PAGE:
The point for us is that, in relationship to John the Baptist came the beginning of Jesus’ rejection of brute force–no matter the justification. Here is what makes Jesus the Prince of Peace. All that Jesus could offer to John was the invitation to change his attitude about his circumstance. All that Jesus could offer to anyone was a new way of thinking–the way of thinking he himself had come to.

| Having learned from John who he was in relation to God, that is, Jesus here learned who he was in relation to Rome. From one point of view, John’s peril had confronted Jesus with his own impotence. (173)

The Commissioning Death

CHAPTER SIX: Thou Art Peter

Be Not Afraid

All subjects of totalitarian systems are convinced by their very subjugation of their unworthiness. (179)

No one goes around saying, “Be not afraid” unless there are mighty things to fear… (180)

For Jesus, “Be not afraid” was not a magic refrain, a cheap exhortation akin to whistling past a graveyard. The precondition of the fearlessness he preached was the terrifyingly brutal circumstance of Rome’s lethal capriciousness, and he knew about fear from his own experience–dating back to the Roman legions’ rampages through the territory in which he was raised, climaxing in the cruel fate of his mentor John the Baptist. And there’s the point. “Be not afraid” was corollary, for Jesus, to “You are my beloved Son”–the transcendent affirmation that came to him in John’s presence. Having been spared from fear himself, Jesus understood what that release was like. (181)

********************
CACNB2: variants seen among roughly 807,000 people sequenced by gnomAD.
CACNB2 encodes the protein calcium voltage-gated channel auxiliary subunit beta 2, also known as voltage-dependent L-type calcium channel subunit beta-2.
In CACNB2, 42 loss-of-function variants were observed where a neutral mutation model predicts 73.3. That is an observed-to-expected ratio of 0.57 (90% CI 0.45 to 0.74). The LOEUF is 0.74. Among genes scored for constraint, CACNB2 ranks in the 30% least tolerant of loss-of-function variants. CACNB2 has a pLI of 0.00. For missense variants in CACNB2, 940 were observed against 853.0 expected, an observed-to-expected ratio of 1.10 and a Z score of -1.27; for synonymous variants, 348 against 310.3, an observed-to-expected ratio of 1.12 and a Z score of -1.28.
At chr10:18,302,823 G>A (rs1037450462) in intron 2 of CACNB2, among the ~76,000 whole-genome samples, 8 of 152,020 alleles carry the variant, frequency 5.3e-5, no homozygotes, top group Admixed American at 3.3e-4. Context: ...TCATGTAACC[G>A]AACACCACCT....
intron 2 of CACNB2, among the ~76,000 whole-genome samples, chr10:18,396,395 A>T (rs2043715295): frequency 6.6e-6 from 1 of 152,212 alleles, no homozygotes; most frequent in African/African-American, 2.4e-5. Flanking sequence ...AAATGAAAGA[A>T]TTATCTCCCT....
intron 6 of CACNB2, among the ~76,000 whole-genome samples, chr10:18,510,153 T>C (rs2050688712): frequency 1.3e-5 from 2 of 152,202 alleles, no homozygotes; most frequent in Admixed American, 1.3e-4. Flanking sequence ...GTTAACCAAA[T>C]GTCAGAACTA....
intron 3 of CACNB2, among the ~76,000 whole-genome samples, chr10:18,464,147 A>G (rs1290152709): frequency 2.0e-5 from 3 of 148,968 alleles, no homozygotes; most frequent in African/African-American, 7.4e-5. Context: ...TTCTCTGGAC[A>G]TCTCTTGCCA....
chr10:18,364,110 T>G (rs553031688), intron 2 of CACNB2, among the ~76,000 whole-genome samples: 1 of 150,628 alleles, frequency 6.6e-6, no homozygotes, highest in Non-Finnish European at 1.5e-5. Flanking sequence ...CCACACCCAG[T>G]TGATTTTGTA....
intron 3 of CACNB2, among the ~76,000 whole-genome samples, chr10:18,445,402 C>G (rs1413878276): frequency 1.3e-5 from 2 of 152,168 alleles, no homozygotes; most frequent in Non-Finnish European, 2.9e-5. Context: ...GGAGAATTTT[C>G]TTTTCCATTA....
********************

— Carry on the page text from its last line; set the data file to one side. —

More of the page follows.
To preach fearlessness in the face of a brutal regime that cynically depends on the fear-ridden subservience of a broken people is a profoundly political act… (182)

Not I, Lord

Peter emerges as the captain of trepidation–a surprising characteristic, perhaps, for a man who made his living on the sea. (183)

Peter Stood